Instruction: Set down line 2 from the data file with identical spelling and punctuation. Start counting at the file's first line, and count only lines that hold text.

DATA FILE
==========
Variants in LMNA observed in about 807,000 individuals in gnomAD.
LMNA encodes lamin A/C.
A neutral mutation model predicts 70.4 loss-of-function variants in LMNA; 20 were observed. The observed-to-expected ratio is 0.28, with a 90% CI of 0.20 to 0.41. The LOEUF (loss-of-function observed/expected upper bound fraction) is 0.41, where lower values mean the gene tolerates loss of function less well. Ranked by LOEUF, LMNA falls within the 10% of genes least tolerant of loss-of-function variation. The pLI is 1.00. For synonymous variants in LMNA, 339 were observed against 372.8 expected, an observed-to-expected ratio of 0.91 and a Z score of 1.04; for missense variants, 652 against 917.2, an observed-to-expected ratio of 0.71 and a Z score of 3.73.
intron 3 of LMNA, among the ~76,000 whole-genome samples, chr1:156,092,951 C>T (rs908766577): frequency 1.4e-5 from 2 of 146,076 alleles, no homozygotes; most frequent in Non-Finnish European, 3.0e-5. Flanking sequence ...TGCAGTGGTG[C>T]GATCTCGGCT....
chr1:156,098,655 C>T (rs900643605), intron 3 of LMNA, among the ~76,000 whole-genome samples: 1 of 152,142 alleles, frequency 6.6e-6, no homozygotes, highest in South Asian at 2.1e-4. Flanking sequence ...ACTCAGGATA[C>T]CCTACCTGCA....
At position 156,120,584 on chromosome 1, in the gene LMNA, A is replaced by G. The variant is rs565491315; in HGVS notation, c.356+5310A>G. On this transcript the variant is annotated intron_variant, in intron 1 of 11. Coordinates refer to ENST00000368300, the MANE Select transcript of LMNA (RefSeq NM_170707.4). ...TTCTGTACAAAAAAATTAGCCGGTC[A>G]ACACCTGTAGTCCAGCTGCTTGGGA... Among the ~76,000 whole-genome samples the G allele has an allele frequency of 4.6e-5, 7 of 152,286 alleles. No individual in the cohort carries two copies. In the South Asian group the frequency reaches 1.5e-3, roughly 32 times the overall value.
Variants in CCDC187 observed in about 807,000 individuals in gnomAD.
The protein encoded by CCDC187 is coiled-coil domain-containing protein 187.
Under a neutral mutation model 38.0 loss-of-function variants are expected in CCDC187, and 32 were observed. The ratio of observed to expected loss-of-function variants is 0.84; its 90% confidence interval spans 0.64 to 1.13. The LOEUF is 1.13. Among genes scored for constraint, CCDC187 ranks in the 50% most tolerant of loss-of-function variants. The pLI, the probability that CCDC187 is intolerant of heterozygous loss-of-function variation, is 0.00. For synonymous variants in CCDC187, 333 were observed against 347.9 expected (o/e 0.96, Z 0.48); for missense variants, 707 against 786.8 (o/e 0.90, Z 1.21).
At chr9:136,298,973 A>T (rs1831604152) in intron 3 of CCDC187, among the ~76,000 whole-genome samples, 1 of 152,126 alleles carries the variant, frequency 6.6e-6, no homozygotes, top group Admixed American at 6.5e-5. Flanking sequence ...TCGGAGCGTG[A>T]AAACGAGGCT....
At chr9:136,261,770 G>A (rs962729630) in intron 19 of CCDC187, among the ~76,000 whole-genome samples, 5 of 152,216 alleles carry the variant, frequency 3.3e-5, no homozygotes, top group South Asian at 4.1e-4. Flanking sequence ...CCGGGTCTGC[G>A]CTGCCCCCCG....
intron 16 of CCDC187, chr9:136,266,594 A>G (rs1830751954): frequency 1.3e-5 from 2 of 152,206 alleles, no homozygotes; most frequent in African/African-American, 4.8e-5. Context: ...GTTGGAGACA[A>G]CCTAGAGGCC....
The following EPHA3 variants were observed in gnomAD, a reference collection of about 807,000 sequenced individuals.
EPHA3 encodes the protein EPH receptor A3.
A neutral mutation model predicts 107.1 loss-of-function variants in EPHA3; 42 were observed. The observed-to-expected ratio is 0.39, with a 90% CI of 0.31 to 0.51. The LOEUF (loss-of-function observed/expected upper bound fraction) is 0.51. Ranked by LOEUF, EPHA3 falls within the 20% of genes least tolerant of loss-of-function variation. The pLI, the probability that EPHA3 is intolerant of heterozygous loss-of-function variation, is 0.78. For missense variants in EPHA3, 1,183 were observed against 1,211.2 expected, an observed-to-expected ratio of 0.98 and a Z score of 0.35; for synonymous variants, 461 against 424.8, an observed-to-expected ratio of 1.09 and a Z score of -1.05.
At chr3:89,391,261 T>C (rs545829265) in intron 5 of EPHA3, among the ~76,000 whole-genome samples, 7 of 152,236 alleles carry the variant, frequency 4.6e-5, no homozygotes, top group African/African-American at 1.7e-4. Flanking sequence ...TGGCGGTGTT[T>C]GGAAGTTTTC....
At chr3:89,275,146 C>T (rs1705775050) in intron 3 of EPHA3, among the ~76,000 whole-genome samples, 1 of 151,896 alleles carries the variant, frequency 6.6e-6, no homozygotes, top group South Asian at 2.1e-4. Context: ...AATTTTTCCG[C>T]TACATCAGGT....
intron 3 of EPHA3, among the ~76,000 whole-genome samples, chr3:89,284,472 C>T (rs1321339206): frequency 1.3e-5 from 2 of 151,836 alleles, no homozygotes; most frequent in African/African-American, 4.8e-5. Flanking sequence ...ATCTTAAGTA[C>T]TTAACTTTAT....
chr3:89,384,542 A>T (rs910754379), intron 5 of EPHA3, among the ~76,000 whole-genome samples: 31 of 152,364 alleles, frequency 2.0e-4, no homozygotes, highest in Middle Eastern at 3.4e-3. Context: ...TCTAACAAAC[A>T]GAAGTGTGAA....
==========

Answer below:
LMNA encodes lamin A/C.